Some of the city’s most severely disabled children are enjoying an individually tailored journey to school – thanks to a £350,000 cash injection from the local authority.
Nottingham City Council has invested £350,000 in nine specially-adapted ambulances to transport severely disabled children to and from Oak Field School and Sports College.
A total of 16 pupils are picked up every day from areas including St Ann’s and The Meadows and taken to Oak Field, in Wigman Road, Bilborough.
The school caters for five to 18-year-olds with learning difficulties and physical disabilities, and the ambulances are designed to transport students in wheelchairs or beds if necessary.
The council previously employed a private company to run its high-dependency transport service but felt that bringing it in-house would save money over time. There is the potential for the specialist vehicles to be hired out in the day between school runs to bring in more money.
It is also felt that the authority will be able to create a high-quality service and provide flexibility to meet the specific needs of pupils.
Each fully-trained driver and escort will operate the same route each day and will transport the same two children, so will become familiar to their families and understand their individual requirements.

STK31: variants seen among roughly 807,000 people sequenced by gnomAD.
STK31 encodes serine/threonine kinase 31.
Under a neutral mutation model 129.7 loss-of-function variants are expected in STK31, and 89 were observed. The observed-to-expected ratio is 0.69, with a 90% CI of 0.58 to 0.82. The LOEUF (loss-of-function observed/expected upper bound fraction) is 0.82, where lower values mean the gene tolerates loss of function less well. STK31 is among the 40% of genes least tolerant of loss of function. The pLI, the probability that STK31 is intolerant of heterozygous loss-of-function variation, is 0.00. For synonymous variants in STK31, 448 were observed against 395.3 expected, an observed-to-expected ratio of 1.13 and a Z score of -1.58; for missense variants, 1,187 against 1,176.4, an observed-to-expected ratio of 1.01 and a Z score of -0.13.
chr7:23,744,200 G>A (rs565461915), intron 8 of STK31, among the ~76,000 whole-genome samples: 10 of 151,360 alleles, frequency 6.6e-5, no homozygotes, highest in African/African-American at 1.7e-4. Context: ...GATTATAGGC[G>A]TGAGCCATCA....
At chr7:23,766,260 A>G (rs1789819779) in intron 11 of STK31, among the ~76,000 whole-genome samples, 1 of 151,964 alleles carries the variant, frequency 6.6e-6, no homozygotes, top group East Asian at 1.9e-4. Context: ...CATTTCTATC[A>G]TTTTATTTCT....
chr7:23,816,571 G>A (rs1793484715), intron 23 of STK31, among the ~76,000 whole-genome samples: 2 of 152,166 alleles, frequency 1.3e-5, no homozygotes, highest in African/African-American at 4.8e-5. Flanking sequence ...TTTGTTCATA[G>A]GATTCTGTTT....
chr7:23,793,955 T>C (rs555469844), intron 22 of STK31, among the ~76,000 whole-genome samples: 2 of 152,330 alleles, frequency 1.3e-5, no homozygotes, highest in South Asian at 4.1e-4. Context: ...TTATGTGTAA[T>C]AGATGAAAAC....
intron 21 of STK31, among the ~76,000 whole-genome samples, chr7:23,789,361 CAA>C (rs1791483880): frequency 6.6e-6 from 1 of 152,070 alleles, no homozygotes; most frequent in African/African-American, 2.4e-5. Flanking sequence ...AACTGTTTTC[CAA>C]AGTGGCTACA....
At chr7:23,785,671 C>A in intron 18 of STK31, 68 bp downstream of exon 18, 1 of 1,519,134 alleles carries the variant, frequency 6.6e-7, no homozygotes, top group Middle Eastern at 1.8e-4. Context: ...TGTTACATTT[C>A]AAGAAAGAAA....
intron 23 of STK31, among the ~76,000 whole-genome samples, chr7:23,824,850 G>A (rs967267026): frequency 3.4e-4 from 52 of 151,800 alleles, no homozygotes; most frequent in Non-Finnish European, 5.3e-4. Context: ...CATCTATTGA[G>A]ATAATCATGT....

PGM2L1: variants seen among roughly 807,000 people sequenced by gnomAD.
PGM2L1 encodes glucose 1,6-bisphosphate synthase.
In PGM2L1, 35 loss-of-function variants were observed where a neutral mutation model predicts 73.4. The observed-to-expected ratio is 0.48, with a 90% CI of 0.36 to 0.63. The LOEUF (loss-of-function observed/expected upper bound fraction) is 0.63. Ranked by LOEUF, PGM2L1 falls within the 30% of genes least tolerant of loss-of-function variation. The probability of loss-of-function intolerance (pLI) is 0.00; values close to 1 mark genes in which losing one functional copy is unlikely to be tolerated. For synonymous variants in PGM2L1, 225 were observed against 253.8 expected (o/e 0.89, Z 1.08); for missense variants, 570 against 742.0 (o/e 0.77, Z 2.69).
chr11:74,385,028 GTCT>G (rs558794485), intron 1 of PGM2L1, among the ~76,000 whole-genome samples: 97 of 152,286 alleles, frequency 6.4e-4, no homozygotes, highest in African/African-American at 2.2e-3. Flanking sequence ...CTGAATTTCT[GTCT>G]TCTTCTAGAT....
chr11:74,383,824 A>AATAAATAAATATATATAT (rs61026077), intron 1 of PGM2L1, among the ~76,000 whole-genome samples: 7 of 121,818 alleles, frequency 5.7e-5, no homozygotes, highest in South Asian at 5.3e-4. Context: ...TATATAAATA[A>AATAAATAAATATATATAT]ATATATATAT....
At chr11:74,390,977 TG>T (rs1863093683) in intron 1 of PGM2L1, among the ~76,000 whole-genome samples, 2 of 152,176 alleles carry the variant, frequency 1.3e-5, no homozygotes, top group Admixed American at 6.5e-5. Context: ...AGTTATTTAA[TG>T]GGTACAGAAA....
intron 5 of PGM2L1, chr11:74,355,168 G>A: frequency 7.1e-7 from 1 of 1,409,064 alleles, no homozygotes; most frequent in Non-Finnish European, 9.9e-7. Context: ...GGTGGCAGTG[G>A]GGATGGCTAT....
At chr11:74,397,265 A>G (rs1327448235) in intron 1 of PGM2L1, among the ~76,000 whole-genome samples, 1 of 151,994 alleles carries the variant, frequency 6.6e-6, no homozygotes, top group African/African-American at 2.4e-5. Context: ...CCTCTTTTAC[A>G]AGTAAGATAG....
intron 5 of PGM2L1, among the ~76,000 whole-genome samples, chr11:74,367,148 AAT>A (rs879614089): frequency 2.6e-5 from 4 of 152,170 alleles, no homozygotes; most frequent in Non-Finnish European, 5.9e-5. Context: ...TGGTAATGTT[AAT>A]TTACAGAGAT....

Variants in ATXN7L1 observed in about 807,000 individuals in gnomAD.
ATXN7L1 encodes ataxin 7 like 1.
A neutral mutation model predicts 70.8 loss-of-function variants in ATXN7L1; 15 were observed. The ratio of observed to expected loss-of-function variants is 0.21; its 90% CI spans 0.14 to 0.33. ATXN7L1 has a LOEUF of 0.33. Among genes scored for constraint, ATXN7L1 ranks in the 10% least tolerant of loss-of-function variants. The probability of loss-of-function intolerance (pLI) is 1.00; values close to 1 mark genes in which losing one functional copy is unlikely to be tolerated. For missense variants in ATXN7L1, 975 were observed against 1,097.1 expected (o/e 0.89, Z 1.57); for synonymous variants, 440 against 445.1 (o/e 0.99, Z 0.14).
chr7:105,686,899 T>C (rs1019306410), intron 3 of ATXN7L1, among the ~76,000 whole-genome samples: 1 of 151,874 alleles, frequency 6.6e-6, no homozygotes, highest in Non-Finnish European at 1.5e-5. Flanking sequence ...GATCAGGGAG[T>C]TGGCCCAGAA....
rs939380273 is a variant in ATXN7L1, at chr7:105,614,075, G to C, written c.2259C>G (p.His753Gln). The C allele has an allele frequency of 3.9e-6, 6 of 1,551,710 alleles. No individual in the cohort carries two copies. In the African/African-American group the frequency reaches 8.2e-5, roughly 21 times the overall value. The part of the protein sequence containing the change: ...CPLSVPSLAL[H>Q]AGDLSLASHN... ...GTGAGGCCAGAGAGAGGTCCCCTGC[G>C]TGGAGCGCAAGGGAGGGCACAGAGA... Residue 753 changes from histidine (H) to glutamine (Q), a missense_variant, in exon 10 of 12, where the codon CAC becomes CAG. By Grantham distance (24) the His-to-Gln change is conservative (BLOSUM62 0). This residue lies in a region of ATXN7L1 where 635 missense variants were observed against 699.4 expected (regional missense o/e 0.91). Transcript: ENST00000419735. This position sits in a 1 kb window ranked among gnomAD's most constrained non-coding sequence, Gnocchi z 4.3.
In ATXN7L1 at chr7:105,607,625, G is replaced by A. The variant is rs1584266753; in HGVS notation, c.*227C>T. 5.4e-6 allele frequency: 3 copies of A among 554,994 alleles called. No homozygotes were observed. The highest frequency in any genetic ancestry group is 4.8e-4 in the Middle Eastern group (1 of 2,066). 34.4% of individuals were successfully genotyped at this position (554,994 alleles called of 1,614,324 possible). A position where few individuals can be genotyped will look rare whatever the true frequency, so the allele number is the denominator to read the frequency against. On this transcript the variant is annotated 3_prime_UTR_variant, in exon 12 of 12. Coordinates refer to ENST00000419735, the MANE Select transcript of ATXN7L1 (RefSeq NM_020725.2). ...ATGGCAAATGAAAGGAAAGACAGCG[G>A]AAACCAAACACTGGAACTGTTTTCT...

School headteacher David Stewart welcomed the council’s investment.
Mr Stewart said: “This is responding very effectively to changing needs of our pupils. As more and more children are with complex health needs and we need to get them to school safely and securely. We need the right sort of vehicles and the right sort of staff to get them to school.
“It’s much easier that it’s run by the local authority – all the training and all the management is better in-house and we can try and keep costs realistic in a time when we know there’s a shortage and everybody is having to tighten their belts. In the long-term it will save money.
“The vehicles are very clean, bright and fit for purpose. They are dedicated to these children. Other vehicles will go around the streets picking up children, whereas these can just come from home straight to school, so for instance, children with oxygen problems and breathing problems can be here very quickly.
“I think the children have all been very positive about the new transport – who wouldn’t want to be in a nice, bright shiny new bus?”
Councillor Sam Webster, portfolio holder for education, employment and skills at the city council, said: “This is a significant investment by the council and we’ve done it because we understand the importance of each child in the city having the opportunity to attend school every day.
“This will ultimately save the authority money at a time when our budgets are being squeezed ever more tightly – plus there is the added potential for these specially-adapted vehicles to be hired out in the hours between school drop-off and pick-up.”
Written By: Tracy Walker